Regional variation in phasic dopamine release during alcohol and sucrose self-administration in rats

Tatiana A. Shnitko, Donita L. Robinson

Research output: Contribution to journalArticlepeer-review

26 Scopus citations


While dopamine input to the dorsal striatum is well-known to be critical for action selection, including alcohol-motivated behaviors, it is unknown whether changes in phasic dopamine accompany these behaviors. Long-term alcohol abuse is believed to promote alterations in the neurocircuitry of reward learning in both ventral and dorsal striatum, potentially through increasing dopamine release. Using fast-scan cyclic voltammetry, we measured phasic dopamine release in the dorsal and ventral striatum during alcoholic and nonalcoholic reward-seeking behavior and reward-related cues in rats trained on a variable-interval schedule of reinforcement. We observed robust phasic dopamine release in the dorsolateral striatum after reinforced lever presses and inconsistent dopamine release in the dorsomedial striatum. Contrary to our expectations, alcohol did not enhance dopamine release in rats drinking alcoholic rewards. Cue-induced dopamine release was also observed in the nucleus accumbens core of rats drinking the reward solutions. These data demonstrate that alcoholic and nonalcoholic reward self-administration on a variable-interval schedule of reinforcement in rats is accompanied by phasic dopamine release time-locked to reinforcement in the dorsolateral striatum and the nucleus accumbens, but not the dorsomedial striatum.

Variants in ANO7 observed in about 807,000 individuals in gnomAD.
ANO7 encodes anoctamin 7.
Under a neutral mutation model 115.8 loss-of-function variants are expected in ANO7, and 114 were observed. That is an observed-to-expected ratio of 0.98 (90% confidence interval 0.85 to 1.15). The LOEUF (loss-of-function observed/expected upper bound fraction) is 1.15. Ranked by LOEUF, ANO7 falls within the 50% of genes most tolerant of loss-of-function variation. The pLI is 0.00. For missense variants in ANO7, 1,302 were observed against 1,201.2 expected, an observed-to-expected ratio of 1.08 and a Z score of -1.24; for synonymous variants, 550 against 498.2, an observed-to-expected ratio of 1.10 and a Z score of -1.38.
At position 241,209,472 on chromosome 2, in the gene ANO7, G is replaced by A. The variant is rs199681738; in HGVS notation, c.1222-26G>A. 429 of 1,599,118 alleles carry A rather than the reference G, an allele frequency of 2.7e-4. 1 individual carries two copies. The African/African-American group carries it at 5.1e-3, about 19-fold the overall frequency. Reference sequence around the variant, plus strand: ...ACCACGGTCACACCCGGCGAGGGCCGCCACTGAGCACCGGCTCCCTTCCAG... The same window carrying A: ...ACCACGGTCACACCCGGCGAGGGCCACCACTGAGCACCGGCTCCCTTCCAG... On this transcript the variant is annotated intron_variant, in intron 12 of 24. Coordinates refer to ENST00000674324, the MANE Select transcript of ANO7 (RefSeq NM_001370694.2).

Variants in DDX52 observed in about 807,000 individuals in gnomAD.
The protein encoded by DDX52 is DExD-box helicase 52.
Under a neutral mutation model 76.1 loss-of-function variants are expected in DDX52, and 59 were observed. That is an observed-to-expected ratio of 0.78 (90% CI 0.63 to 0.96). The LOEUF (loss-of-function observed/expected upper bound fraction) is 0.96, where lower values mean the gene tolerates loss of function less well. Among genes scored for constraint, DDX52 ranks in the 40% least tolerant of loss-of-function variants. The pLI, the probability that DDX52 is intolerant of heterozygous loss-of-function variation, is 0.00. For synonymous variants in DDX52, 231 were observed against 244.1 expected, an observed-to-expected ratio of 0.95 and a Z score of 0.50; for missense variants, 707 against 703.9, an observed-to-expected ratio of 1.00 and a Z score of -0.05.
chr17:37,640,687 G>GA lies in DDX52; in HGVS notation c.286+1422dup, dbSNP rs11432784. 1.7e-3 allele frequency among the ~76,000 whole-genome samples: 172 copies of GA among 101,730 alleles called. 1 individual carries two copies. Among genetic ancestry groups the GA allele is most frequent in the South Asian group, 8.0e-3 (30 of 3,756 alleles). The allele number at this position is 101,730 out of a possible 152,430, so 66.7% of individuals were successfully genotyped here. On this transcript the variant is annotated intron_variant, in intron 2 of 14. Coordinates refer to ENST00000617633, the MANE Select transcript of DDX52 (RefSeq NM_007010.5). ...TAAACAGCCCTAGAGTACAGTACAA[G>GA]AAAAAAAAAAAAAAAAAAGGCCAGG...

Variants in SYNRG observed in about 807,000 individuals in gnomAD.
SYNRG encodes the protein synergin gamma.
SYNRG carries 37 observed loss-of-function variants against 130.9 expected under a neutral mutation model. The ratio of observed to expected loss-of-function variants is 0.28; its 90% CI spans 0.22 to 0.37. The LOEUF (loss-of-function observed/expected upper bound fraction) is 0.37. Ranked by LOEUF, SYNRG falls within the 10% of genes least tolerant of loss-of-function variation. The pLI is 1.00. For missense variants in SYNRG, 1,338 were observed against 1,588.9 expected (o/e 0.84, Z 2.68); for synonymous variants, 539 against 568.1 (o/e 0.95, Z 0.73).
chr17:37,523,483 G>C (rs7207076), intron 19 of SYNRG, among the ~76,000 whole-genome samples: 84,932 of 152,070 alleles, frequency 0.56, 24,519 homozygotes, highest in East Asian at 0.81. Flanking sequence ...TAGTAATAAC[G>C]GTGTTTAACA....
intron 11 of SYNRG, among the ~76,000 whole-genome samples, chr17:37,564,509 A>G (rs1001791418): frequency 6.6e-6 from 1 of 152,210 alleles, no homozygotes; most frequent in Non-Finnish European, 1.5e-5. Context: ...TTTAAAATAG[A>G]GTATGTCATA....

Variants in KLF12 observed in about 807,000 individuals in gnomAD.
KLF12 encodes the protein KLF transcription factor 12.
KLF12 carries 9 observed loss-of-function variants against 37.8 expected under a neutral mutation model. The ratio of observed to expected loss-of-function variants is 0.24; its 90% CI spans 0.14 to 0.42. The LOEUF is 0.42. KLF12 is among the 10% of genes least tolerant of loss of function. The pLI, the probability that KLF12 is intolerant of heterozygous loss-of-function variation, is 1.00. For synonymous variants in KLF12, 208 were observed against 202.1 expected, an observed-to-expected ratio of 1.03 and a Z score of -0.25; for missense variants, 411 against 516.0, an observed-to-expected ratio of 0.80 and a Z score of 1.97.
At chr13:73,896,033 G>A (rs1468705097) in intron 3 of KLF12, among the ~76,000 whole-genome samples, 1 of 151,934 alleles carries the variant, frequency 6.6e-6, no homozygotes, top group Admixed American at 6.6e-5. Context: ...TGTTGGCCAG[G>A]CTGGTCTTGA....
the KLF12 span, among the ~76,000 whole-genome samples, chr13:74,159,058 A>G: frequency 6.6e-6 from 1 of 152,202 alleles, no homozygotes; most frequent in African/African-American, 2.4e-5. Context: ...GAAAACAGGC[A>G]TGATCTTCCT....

Original languageEnglish (US)
Pages (from-to)147-154
Number of pages8
JournalACS Chemical Neuroscience
Issue number1
StatePublished - Jan 21 2015
Externally publishedYes


  • Dorsal striatum
  • accumbens
  • alcohol
  • dopamine
  • operant conditioning
  • voltammetry

ASJC Scopus subject areas

  • Biochemistry
  • Physiology
  • Cognitive Neuroscience
  • Cell Biology


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